<< Chapter < Page | Chapter >> Page > |
Imagine that it is known that only 10% of Australian Shepherd puppies are born with what is called "perfect symmetry" in their three colors, black, white, and copper. Perfect symmetry is defined as equal coverage on all parts of the dog when looked at in the face and measuring left and right down the centerline. A kennel would have a good reputation for breeding Australian Shepherds if they had a high percentage of dogs that met this criterion. During the past 5 years and out of the 100 dogs born to Dundee Kennels, 16 were born with this coloring characteristic.
What is the probability that, in 100 births, more than 16 would have this characteristic?
If we assume that one dog's coloring is independent of other dogs' coloring, a bit of a brave assumption, this becomes a classic binomial probability problem.
The statement of the probability requested is 1 − [ p ( X = 0) + p ( X = 1) + p ( X = 2)+ … + p ( X = 16)]. This requires us to calculate 17 binomial formulas and add them together and then subtract from one to get the right hand part of the distribution. Alternatively, we can use the normal distribution to get an acceptable answer and in much less time.
First, we need to check if the binomial distribution is symmetrical enough to use the normal distribution. We know that the binomial for this problem is skewed because the probability of success, 0.1, is not the same as the probability of failure, 0.9. Nevertheless, both $\mathrm{np}=10$ and $\mathrm{np}(1-p)=90$ are larger than 5, the cutoff for using the normal distribution to estimate the binomial.
[link] below shows the binomial distribution and marks the area we wish to know. The mean of the binomial, 10, is also marked, and the standard deviation is written on the side of the graph: σ = $\sqrt{npq}$ = 3. The area under the distribution from zero to 16 is the probability requested, and has been shaded in. Below the binomial distribution is a normal distribution to be used to estimate this probability. That probability has also been shaded.
Standardizing from the binomial to the normal distribution as done in the past shows where we are asking for the probability from 16 to positive infinity, or 100 in this case. We need to calculate the number of standard deviations 16 is away from the mean: 10.
We are asking for the probability beyond two standard deviations, a very unlikely event. We look up two standard deviations in the standard normal table and find the area from zero to two standard deviations is 0.4772. We are interested in the tail, however, so we subtract 0.4772 from 0.5 and thus find the area in the tail. Our conclusion is the probability of a kennel having 16 dogs with "perfect symmetry" is 0.0228. Dundee Kennels has an extraordinary record in this regard.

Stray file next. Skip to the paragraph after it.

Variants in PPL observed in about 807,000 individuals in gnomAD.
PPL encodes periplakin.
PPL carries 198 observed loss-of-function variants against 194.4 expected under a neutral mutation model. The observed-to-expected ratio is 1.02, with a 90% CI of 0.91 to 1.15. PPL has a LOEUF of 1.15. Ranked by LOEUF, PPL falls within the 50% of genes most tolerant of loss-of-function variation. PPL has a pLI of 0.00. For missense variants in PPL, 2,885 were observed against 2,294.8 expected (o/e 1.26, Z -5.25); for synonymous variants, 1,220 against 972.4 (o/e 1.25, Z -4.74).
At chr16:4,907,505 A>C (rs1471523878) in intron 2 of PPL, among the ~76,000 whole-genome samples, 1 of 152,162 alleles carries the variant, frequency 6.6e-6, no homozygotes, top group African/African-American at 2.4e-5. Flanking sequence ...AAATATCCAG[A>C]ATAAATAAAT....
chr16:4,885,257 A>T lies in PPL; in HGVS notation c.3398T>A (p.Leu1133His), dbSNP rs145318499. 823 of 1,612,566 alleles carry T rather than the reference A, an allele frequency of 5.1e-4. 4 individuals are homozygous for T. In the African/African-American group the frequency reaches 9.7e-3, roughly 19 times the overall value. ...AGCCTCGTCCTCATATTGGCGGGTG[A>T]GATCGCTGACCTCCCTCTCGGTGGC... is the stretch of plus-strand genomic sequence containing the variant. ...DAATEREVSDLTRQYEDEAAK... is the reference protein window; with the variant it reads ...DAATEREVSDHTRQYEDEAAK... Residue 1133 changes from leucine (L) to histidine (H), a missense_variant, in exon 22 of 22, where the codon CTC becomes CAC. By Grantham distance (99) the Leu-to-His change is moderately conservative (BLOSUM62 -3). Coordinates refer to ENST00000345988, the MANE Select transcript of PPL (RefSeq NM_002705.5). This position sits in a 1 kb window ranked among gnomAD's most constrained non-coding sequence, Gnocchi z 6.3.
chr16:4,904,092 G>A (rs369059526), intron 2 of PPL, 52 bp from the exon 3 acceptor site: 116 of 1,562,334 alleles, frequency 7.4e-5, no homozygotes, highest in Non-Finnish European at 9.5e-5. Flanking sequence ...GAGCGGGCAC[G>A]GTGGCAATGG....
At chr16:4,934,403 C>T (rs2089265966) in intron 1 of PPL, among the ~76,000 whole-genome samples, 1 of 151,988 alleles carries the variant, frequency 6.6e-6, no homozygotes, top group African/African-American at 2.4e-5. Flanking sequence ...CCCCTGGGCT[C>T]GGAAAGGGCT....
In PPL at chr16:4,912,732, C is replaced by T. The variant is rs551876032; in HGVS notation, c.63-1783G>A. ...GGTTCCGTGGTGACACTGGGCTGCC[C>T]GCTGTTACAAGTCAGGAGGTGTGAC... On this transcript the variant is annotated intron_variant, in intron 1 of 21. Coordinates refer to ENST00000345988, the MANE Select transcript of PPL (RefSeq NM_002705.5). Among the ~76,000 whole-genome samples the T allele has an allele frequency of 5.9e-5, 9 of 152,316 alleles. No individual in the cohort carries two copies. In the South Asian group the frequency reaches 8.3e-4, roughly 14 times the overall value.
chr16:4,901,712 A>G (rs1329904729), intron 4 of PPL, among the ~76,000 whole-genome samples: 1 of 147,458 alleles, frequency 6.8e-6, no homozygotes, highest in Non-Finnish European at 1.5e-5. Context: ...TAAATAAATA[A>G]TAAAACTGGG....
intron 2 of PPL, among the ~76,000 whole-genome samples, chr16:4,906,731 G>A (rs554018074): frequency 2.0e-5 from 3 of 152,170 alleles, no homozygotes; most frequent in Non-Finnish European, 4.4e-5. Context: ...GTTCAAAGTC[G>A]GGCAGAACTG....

Mathematically, we write this as:
The normal distribution, which is continuous, is the most important of all the probability distributions. Its graph is bell-shaped. This bell-shaped curve is used in almost all disciplines. Since it is a continuous distribution, the total area under the curve is one. The parameters of the normal are the mean µ and the standard deviation σ . A special normal distribution, called the standard normal distribution is the distribution of z -scores. Its mean is zero, and its standard deviation is one.
Normal Distribution: X ~ N ( µ , σ ) where µ is the mean and σ is the standard deviation.
Standard Normal Distribution: Z ~ N (0, 1).
How would you represent the area to the left of one in a probability statement?
P ( x <1)
What is the area to the right of one?
Is P ( x <1) equal to P ( x ≤ 1)? Why?
Yes, because they are the same in a continuous distribution: P ( x = 1) = 0
How would you represent the area to the left of three in a probability statement?
What is the area to the right of three?
1 – P ( x <3) or P ( x >3)
If the area to the left of x in a normal distribution is 0.123, what is the area to the right of x ?
If the area to the right of x in a normal distribution is 0.543, what is the area to the left of x ?
1 – 0.543 = 0.457
Use the following information to answer the next four exercises:
X ~ N (54, 8)
Find the probability that x >56.
Find the probability that x <30.
0.0013
X ~ N (6, 2)
Find the probability that x is between three and nine.
X ~ N (–3, 4)
Find the probability that x is between one and four.
0.1186
X ~ N (4, 5)
Find the maximum of x in the bottom quartile.
Use the following information to answer the next three exercise: The life of Sunshine CD players is normally distributed with a mean of 4.1 years and a standard deviation of 1.3 years. A CD player is guaranteed for three years. We are interested in the length of time a CD player lasts. Find the probability that a CD player will break down during the guarantee period.
Find the probability that a CD player will last between 2.8 and six years.
Notification Switch
Would you like to follow the 'Introductory statistics' conversation and receive update notifications?